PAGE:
BEIJING (Reuters) - China’s shale gas production will likely reach 17 billion cubic meters (bcm) in 2020, nearly double the 2017 level, as local oil companies make big progress with drilling technology and cost cutting, consultancy Wood Mackenzie said in a note on Tuesday.
Nearly 700 new wells will come onstream between 2018 and 2020 at three key projects - Sinopec’s Fuling, and PetroChina’s Changning-Weiyuan and Zhaotong - all located in the country’s southwest, and at a total cost of $5.5 billion, Woodmac estimated.
The forecast 17 bcm of output in 2020 falls short of Beijing’s goal of 30 bcm, which was slashed by more than half from the government’s initial target set in 2012.
That means the world’s No.3 gas user will need to keep its imports of liquefied natural gas (LNG) at elevated levels. Woodmac has separately forecast China’s LNG imports will increase by a quarter to nearly 49 million tonnes this year, from record highs in 2017.
China produced 9 bcm of shale gas last year, or 6 percent of its total gas output.
“China is eager to materialize its shale gas potential to fuel its massive gasification initiative and support rising demand growth,” said Wood Mackenzie’s Tingyun Yang.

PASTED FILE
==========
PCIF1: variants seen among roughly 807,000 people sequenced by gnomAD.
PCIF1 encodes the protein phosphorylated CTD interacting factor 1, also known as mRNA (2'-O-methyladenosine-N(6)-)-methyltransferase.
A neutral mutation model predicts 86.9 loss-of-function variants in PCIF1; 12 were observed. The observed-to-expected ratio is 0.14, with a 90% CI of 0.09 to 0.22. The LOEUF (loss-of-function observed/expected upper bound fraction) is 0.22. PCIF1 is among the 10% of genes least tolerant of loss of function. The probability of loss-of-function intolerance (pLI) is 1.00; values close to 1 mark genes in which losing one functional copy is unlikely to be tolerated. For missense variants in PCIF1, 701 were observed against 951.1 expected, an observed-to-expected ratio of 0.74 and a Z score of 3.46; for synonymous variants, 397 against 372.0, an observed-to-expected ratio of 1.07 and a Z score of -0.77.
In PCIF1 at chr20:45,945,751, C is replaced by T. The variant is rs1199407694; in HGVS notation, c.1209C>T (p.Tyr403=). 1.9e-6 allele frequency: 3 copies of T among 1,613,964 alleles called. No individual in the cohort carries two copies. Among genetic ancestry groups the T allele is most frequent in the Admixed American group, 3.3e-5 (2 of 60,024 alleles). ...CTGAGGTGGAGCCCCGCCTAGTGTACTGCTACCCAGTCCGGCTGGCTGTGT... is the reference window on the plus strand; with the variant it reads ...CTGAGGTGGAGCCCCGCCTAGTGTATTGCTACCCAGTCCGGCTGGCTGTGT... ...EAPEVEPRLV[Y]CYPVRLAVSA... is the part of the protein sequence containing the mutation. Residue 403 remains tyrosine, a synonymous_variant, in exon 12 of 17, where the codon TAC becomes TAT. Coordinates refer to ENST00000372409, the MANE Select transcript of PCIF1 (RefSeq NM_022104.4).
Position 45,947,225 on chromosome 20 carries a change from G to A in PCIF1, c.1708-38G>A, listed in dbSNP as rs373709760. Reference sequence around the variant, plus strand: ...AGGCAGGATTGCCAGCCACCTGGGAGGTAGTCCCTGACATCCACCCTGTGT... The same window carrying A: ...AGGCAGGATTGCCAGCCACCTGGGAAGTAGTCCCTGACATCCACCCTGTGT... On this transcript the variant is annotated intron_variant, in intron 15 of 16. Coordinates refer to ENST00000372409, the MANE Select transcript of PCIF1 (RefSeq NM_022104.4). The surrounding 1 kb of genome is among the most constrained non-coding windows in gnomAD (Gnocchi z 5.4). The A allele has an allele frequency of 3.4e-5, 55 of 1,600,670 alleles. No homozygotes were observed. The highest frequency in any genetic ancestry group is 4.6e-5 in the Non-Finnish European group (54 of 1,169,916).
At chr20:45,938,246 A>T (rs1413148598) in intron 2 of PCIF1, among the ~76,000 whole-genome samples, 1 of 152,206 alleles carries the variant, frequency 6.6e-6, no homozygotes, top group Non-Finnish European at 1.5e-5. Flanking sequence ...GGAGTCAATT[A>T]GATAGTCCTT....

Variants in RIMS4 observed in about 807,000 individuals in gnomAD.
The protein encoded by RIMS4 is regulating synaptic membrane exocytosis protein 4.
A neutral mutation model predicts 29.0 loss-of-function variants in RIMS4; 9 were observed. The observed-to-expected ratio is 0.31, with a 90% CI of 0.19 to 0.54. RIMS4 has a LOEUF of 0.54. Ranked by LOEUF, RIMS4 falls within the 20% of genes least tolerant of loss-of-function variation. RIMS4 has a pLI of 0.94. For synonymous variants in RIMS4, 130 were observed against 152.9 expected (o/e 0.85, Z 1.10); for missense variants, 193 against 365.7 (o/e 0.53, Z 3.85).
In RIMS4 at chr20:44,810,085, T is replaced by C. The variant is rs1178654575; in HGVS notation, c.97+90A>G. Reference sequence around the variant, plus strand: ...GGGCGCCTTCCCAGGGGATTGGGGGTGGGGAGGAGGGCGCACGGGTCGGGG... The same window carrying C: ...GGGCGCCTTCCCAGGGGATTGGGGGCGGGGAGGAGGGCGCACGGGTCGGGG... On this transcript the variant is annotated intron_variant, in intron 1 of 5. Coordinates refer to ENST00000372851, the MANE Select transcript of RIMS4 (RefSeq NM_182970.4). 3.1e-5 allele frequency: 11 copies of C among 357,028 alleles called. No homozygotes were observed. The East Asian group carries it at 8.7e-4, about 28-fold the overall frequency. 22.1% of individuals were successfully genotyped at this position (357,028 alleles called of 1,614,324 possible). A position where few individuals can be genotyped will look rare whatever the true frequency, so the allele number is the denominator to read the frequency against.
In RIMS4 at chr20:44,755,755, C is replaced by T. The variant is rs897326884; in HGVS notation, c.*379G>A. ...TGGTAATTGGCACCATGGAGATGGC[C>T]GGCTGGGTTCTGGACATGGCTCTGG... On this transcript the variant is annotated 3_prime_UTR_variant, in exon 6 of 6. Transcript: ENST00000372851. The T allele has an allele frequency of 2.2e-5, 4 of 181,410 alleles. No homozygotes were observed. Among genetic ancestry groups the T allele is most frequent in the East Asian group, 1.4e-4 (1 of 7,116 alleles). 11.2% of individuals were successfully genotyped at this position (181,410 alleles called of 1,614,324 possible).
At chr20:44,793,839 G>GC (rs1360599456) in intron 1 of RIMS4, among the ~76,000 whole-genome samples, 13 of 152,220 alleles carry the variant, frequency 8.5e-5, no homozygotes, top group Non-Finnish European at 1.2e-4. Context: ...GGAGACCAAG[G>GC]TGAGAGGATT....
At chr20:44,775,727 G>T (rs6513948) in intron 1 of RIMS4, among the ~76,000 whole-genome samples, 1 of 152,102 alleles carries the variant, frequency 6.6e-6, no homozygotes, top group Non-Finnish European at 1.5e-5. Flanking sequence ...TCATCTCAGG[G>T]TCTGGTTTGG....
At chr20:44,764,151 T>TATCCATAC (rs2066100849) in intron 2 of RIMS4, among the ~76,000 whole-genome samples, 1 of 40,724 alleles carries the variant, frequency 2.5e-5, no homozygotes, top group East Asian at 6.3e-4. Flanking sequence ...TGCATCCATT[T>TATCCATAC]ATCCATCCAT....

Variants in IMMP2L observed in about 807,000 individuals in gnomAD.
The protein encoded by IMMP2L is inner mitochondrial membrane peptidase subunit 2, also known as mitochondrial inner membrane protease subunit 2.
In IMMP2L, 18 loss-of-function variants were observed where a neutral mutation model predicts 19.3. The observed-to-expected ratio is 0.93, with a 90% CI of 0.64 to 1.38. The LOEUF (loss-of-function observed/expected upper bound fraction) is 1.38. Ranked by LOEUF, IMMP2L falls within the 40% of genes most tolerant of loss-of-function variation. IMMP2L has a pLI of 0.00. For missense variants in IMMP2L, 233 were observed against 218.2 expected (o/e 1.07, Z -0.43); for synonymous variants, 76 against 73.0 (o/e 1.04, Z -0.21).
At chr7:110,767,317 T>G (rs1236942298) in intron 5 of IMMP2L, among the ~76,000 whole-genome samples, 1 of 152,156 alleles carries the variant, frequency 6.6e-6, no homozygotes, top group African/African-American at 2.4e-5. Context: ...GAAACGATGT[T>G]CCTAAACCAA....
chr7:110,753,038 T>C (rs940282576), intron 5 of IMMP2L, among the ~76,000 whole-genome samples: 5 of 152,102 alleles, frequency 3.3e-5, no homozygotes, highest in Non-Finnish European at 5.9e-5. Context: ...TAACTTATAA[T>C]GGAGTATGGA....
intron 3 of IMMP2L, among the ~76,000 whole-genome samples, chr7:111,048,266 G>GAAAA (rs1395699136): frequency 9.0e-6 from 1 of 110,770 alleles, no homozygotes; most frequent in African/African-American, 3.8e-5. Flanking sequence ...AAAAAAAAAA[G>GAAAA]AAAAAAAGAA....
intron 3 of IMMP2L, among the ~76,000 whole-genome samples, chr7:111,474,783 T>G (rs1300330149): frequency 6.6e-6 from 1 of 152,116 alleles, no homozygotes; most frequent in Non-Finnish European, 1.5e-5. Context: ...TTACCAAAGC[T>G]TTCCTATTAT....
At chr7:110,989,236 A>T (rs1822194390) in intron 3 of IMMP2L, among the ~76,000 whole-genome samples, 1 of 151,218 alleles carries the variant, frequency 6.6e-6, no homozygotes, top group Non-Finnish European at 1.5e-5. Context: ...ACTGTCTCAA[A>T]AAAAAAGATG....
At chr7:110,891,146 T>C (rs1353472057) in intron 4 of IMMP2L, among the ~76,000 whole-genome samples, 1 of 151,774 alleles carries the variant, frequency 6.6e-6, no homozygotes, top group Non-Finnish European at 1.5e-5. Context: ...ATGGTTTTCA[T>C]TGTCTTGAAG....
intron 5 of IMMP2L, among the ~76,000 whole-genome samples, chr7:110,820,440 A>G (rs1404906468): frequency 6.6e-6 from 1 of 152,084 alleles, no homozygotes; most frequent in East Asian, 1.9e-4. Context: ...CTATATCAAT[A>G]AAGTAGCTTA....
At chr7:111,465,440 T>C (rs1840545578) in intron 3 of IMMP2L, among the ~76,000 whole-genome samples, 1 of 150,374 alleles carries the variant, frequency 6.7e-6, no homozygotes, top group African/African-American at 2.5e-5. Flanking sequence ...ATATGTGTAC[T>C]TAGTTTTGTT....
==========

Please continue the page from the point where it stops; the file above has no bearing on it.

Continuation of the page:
Despite estimates that China is home to the world’s largest recoverable shale gas resource, its shale formations tend to be deeper, more fractured and located in densely populated mountainous terrains, leading to higher costs and complications in drilling.
However, state firms have managed to reduce well costs significantly - by 40 percent for exploration wells versus 2010 and 25 percent for commercial wells versus 2014 - by deploying local service companies, home-manufactured equipment and improving drilling technologies, said Yang.
Explorations and joint studies by global majors such as Shell, BP, Exxon and Total at Chinese shale blocks have yielded little success.
Shell, which pledged billions of dollars of investment in China’s shale sector, pulled out of shale operations in Sichuan several years ago.
Reporting by Chen Aizhu; Editing by Mark Potter